Padthaway made finals, but had to bus in 13 players each week from Adelaide.


“Five hours one way, just for home games. Over an hour more for most away ones,” Pete says.


“They come, they play, leave. Give nothing back,” a man outside the milkbar says.


He blames money.


“Offer them $700 a game and they just laugh at ya! Most of them are broken down city boys anyway.”



I don’t know what to blame. The times. It’s all seems to be about winning at the moment. Glory. Battling teams, even on telly, are described as ‘disgraceful’ and ‘pathetic’.


Yet without those thirteen imports there would be no club. I’ve got no answers.


We have a kick at another. Shoot for goal, on the run, again from fifty. Always from fifty.


There’s a top-dollar electronic scoreboard on the far wing, worth as much as the clubrooms. It was donated by a rich grazier. Word is the man has no family, and has left everything in his will to the footy club. Meanwhile, until he dies, he’s feeding them.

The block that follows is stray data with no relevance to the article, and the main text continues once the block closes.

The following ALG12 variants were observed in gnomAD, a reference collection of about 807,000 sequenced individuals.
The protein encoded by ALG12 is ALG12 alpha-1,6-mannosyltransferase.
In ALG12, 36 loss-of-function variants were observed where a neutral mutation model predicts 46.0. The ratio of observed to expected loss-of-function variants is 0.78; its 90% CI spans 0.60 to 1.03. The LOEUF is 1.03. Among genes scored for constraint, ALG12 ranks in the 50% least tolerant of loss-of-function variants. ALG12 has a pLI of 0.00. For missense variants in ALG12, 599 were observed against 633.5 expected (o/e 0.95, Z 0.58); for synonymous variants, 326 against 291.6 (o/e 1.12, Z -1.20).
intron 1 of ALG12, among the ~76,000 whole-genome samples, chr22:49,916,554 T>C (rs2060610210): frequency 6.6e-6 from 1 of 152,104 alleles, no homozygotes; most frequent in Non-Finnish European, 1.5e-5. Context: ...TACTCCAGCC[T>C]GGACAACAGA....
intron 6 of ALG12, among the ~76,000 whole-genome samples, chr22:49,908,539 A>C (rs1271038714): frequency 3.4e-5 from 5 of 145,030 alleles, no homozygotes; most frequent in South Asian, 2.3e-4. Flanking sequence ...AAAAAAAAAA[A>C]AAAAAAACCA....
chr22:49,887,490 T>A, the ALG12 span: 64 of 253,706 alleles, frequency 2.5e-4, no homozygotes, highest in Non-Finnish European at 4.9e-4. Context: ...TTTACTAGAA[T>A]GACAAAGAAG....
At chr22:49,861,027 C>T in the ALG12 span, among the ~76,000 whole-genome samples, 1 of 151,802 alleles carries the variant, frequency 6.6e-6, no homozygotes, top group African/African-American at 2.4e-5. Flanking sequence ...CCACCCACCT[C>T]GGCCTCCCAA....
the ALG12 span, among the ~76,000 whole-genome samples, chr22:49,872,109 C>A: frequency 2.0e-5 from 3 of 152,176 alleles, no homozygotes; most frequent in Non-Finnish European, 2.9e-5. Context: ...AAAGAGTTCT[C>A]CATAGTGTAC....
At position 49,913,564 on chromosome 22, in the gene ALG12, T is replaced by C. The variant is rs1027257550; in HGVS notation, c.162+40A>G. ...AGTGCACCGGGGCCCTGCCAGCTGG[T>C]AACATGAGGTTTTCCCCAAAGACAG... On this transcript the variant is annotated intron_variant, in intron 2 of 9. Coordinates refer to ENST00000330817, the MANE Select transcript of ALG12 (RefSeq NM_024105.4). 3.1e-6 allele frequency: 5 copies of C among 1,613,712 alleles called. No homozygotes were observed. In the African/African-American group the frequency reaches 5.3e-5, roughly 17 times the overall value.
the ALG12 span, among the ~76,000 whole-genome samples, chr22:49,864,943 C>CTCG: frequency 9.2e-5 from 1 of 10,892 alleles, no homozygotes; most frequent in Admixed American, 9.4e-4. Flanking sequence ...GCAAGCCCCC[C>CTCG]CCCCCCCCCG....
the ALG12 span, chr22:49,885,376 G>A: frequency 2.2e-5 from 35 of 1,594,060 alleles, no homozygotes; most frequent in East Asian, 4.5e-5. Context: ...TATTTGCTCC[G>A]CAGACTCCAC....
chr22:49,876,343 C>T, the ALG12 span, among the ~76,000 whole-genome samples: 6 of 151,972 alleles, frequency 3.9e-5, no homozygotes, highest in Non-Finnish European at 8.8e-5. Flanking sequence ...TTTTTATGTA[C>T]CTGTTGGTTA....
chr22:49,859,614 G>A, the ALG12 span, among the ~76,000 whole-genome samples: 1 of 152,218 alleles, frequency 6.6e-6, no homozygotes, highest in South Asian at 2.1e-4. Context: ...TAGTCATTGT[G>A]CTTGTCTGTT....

The rich vineyard owners and spud and onion farmers feed another team. The locals pay for this league, keep it alive. The big dynasties. It’s the wild west, propped up by imports and mercenaries. Paid for, kept alive, by people who live down the longest, dustiest, hard-working drives, who you rarely see, other than once or twice a year, in the outer.


One oval, in the nearest rural city, has advertising everywhere. The other clubs think of it as the enemy. Its surface is HUGE! Much bigger than the MCG. Even the scoreboard is like a fortress.



“If you were coach you’d give them one drill, surely,” I say to Pete. “Running.”


There’s no pockets to hide the old in. No closed-in quarters to go the knuckle. The opposition coaches could never say: “They have more skill, but bash into them.”


The other teams, with their small ovals, would find only air. They wouldn’t know what happened. Run hard on that a few nights a week and you’d be unstoppable.


I ask Pete what the standard is like?